The Michele Fay Band, Travelin' That Road | Album Review | Seven Days | Vermont's Independent Voice

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The Michele Fay Band, Travelin' That Road

Album Review


Published April 14, 2010 at 8:28 a.m.


(Self-released, CD)

With their self-titled 2008 debut, The Michele Fay Band established themselves as a worthy addition to Vermont’s vibrant folk scene. Though not without its flaws, the album also introduced Fay as a unique voice among the state’s growing chorus of talented Americana songwriters. On the Ripton-based quartet’s recently released follow-up, Travelin’ That Road, Fay and company sand away many of the blemishes from that first recording with a fine grit and light touch. The result is a sophomore effort that, while noticeably more polished, retains an appealing, down-home charm.

The record comprises a cozy mix of originals, covers and traditionals that, with few exceptions, are woven seamlessly together. “Hold on to Your Golden Crown” leads off, reintroducing Fay as a sturdy songwriter. “When you’re doubting all that you done, / When you’re blinded by the sun, / Feel a victim of circumstance, / You deserve to dance,” she sings in her familiar, airy croon.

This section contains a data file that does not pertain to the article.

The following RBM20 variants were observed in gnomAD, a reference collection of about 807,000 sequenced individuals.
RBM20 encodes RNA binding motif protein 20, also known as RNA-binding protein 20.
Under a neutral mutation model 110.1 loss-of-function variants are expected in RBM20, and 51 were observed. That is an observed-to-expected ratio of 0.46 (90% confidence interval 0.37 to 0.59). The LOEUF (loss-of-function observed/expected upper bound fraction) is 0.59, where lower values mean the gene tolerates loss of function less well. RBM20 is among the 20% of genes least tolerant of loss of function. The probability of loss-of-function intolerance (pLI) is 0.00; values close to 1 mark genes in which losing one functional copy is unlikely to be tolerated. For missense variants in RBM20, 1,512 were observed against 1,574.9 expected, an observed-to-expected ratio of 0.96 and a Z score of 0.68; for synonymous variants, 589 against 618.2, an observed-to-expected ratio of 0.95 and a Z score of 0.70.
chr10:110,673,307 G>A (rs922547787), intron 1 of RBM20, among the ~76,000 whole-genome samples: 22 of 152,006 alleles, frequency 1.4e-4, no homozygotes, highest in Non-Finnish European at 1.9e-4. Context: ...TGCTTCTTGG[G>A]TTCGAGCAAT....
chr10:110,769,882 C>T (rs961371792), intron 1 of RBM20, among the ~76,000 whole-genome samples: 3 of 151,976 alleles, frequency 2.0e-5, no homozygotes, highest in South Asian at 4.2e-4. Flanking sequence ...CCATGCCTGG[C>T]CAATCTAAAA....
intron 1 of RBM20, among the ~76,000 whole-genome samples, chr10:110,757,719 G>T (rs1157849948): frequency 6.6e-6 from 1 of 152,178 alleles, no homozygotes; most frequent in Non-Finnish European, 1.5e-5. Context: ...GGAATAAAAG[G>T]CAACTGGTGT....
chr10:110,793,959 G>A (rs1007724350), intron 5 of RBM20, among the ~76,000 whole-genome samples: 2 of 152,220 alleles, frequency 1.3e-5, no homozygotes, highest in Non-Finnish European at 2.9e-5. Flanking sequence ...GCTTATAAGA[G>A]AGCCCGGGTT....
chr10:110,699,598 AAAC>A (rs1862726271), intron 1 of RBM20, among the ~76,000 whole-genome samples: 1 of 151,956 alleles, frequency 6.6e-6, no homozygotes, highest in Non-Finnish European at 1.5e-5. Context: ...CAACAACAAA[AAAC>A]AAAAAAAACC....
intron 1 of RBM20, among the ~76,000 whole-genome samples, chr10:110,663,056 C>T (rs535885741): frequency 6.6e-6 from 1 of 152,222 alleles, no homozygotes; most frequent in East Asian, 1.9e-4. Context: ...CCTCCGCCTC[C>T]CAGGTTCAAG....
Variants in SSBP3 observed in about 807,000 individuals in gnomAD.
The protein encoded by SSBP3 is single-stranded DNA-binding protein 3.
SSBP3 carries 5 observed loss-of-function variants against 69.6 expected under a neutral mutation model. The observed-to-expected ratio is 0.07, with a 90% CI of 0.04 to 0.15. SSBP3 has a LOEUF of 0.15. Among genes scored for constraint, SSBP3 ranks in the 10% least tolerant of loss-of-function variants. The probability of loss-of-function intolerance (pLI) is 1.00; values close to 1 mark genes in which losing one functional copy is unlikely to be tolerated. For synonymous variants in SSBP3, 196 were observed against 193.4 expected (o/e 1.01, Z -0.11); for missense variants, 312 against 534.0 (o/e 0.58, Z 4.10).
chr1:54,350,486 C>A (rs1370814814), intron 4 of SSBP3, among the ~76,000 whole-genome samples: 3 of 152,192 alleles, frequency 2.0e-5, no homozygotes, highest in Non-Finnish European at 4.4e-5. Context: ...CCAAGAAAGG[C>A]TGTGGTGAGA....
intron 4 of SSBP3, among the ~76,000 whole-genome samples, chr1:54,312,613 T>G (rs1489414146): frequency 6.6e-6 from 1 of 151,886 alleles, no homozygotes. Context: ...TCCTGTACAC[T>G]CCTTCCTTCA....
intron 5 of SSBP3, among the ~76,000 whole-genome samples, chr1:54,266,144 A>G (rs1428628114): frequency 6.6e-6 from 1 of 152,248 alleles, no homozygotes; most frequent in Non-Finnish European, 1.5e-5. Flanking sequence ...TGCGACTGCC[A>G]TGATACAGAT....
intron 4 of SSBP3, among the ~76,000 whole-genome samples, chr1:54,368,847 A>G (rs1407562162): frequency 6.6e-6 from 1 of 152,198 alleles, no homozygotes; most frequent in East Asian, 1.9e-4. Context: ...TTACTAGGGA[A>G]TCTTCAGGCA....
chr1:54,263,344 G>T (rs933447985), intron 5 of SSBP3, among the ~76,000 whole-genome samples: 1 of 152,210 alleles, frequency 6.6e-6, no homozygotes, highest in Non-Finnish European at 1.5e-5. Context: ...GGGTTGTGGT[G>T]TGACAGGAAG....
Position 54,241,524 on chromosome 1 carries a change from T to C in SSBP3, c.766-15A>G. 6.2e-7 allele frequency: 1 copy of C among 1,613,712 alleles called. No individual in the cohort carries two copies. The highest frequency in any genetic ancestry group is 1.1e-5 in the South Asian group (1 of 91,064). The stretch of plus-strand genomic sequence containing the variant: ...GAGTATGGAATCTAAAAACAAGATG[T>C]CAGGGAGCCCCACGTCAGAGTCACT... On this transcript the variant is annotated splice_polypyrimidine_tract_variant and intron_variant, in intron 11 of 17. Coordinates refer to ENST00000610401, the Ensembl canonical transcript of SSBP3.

Fay has a naturally pleasant voice. But a tendency to slide in pitch, particularly at the ends of phrases, somewhat marred her debut. It is an issue she seems to have mostly solved. However, Fay’s delivery on the cleverly wistful rag “Simple Life” is frustratingly thin — perhaps just beyond the upper reaches of her range.

She rebounds on the following track, a sort of waltz mashup of the traditional “Midnight on the Water” and Walt Aldridge’s classic “Ain’t No Ash Will Burn.” Fiddler Lausanne Allen and Fay’s husband, mandolinist Tim Price, unfurl a delightful opening melody. Fay matches their breezy reel with a particularly self-assured performance, perhaps her finest of the album.

“Addie Card” marks Fay’s most impressive songwriting effort. Fay takes no small amount of inspiration from her Vermont surroundings. Here, she uses her rural backdrop to chilling effect, spinning a gritty folk tale of young love and hard living in an old mill town. Call it Green Mountain gothic.

“Old Love” is a touching ballad, celebrating the profound bond formed through a lifetime spent in love with one person. It’s hard not to swoon as Fay and Allen sing in dovetail harmony, “If there ever comes a time / When your hand is not in mine / It will only be because / We have reached the oldest love.”

Speaking of Fay and Allen, their a cappella rendition of “Across the Blue Mountains” is a stunner.

The title track brings Travelin’ That Road to its humble, homespun conclusion, a fitting end to a humble, homespun gem.

Catch the Michele Fay Band at Middlebury’s 51 Main this Saturday.